Ambedkar Cartoon, Dalit Objections and Indian Left Liberals - II



Continued from here.

This is the second, concluding part of the transcript of the interview Ravi Chandran, of the video news journal 'Dalit Camera: Through Un-Touchable Eyes', conducted with Dr K. Satyanarayana, Associate Professor, Department of Cultural Studies, English and Foreign Languages University (EFL-U) on the recent Ambedkar cartoon controversy.

Dr K. Satyanarayana: If you take the syllabus of political science at post graduate level or at various levels, are we reading Ambedkar as a political thinker? You might have one or two articles from scholars, maybe from Gail Omvedt or Eleanor (Zelliot) or recently from Valerian Rodriques on Ambedkar's thought, or Ambedkar as an untouchable thinker, but not Ambedkar as a political theorist. Ambedkar is not centrally seen as a political thinker, not only Ambedkar, the entire generation of anti-caste intellectuals and leaders and dalit movement is not at the centre of political science today. Political science looks at dalits only in the context of elections as vote banks and this is a serious failure on the part of political science.




So when dalits are talking about representation of Ambedkar, they are talking about substantial representation of Ambedkar engaging with his intellectual and political thoughts. You may say that this is not possible in the textbook but you have to discuss about it and acknowledge that it is a complex and challenging task and it involves a lot of difficulties.


Ambedkar Cartoon, Dalit Objections and Indian Left Liberals - I



Ravi Chandran, of the video news journal 'Dalit Camera: Through Un-Touchable Eyes', interviewed Dr K. Satyanarayana, Associate Professor, Department of Cultural Studies, English and Foreign Languages University (EFL-U) on the recent Ambedkar cartoon controversy. Here's the first part of the transcript of the interview:

Ravi Chandran: Sir, how do you see the division between left-liberal intellectuals and Dalit intellectuals on the Dr. Ambedkar cartoon controversy in the NCERT test book?

Dr K. Satyanarayana: I have been following the discussion on this controversy. I was really surprised that there is this very sharp divide between the left-liberal intellectuals and Dalits. These two groups have taken entirely different positions on it. And if there is anything to be said about this controversy, the most striking feature is the position taken by the liberal and left intellectuals and especially those who are part of making these textbooks. It is shocking to me.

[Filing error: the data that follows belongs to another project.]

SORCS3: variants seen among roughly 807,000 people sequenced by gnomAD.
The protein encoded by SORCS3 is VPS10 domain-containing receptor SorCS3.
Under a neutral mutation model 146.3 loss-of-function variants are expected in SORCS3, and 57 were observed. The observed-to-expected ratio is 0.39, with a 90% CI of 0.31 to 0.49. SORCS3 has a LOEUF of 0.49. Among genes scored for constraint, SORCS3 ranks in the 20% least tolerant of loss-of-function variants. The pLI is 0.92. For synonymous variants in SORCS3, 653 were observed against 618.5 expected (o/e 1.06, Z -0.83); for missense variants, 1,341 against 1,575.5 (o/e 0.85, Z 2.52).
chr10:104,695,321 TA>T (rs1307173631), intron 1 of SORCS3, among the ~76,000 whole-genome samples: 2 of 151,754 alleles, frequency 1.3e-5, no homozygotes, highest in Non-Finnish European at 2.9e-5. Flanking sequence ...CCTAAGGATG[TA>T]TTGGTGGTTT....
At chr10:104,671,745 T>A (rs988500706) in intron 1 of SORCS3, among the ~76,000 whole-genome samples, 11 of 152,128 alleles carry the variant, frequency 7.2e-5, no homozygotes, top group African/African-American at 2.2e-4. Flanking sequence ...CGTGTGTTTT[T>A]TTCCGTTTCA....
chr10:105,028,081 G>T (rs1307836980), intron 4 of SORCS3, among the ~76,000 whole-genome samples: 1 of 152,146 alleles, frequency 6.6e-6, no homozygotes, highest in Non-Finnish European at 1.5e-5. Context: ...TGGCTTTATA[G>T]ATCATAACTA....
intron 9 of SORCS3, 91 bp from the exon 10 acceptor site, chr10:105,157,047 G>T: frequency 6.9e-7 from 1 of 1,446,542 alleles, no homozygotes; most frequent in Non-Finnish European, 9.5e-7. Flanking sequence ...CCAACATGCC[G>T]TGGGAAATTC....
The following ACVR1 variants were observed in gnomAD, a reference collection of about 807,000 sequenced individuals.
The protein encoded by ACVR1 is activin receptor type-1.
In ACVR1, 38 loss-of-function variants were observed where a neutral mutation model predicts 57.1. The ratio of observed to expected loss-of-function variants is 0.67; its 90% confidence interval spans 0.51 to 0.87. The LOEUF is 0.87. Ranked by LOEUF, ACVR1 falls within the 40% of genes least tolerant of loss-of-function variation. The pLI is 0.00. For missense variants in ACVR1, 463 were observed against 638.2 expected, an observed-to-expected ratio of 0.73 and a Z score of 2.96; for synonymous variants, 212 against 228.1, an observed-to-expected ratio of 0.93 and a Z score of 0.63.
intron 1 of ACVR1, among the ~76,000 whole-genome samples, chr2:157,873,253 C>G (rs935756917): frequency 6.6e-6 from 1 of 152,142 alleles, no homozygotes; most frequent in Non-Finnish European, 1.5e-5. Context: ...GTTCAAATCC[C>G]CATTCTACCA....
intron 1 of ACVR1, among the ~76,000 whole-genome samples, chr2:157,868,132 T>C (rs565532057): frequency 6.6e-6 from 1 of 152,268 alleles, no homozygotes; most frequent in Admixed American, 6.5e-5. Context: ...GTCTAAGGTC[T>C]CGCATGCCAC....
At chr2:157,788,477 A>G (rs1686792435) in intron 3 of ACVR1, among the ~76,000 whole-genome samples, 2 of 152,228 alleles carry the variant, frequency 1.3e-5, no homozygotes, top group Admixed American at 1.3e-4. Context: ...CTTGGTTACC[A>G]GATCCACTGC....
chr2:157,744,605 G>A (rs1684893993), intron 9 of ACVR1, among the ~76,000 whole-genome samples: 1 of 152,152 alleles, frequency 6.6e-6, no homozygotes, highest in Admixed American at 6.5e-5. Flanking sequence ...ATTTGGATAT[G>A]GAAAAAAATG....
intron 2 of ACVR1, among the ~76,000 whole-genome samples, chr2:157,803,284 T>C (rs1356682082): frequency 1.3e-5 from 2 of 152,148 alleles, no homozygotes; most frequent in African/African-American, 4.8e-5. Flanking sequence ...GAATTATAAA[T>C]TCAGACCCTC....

Let us outline what is the position of left-liberal intellectuals on this controversy and what are one or two Dalit intellectuals and other dalit activists are saying, what are the two different kinds of views and why there is division between the two.


Thol.Thirumaavalavan writes to Kapil Sibal and Sukhadeo Thorat


Memoranda submitted by Thol. Thirumaavalavan of the Viduthalai Ciruthaikal Katchi (VCK) to Prof S.K.Thorat, Chairman, NCERT Review Committee and Mr Kapil Sibal, Union Minister of Human Resource Development, Govt.of India, on 29.05.2012 and 30.05.2012 respectively, in New Delhi.





Mr Kapil Sibal

Honourable Minister of Human Resources Development

Government of India

New Delhi

Sub: NCERT Class XI Text book-Dr. Ambedkar Cartoon – reg.

Respected Sir

On behalf of Viduthalai Ciruthaikal Katchi (VCK) – the only Dalit party in UPA- I want to submit the following for your kind consideration:

First of all I appreciate the UPA government for its quick action in appointing a committee to consider the apprehensions raised by me and other members in Parliament over the Ambedkar cartoon published in the NCERT class XI text book.

I also want to appreciate the efforts taken by UPA government to reform our educational system and the academics who were involved in drafting the NCF 2005 under the chairmanship of Mr Yashpal. The text books produced by NCERT are comparatively good. No doubt they are very helpful for the students in opening up their creativity. The text books were designed to change the 'banking approach 'in education and try to use classrooms to 'conscientize' not only students and also teachers.

But, these are not reasons for obstructing us from fair criticism of the text books. It is also a fact that we have no public forum to discuss about our text books. That's why the delay in finding out the 'objectionable cartoon' in the class XI text book.


The caste-neutral whip and other jokes